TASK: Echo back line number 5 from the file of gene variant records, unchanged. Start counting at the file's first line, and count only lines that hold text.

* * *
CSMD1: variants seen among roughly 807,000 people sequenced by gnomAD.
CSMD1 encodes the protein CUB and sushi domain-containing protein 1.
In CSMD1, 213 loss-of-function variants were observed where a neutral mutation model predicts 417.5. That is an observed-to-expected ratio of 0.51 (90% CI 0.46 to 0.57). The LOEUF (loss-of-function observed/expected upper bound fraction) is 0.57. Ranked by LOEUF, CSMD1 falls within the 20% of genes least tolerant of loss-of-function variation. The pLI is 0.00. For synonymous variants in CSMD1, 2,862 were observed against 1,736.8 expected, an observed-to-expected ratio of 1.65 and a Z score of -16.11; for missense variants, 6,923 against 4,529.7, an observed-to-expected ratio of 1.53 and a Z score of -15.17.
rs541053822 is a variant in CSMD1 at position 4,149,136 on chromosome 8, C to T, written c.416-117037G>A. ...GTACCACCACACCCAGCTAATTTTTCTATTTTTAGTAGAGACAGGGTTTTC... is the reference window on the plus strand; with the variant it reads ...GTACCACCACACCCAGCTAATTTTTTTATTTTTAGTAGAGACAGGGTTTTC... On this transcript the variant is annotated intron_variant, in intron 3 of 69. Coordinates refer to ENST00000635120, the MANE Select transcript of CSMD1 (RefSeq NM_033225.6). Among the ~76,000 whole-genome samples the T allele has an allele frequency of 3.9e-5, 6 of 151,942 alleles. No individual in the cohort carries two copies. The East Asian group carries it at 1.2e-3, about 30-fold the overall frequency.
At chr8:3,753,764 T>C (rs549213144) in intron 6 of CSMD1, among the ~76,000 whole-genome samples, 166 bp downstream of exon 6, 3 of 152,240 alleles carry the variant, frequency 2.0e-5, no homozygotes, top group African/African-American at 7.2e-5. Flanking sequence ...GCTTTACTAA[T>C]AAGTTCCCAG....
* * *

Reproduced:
At chr8:3,753,764 T>C (rs549213144) in intron 6 of CSMD1, among the ~76,000 whole-genome samples, 166 bp downstream of exon 6, 3 of 152,240 alleles carry the variant, frequency 2.0e-5, no homozygotes, top group African/African-American at 7.2e-5. Flanking sequence ...GCTTTACTAA[T>C]AAGTTCCCAG....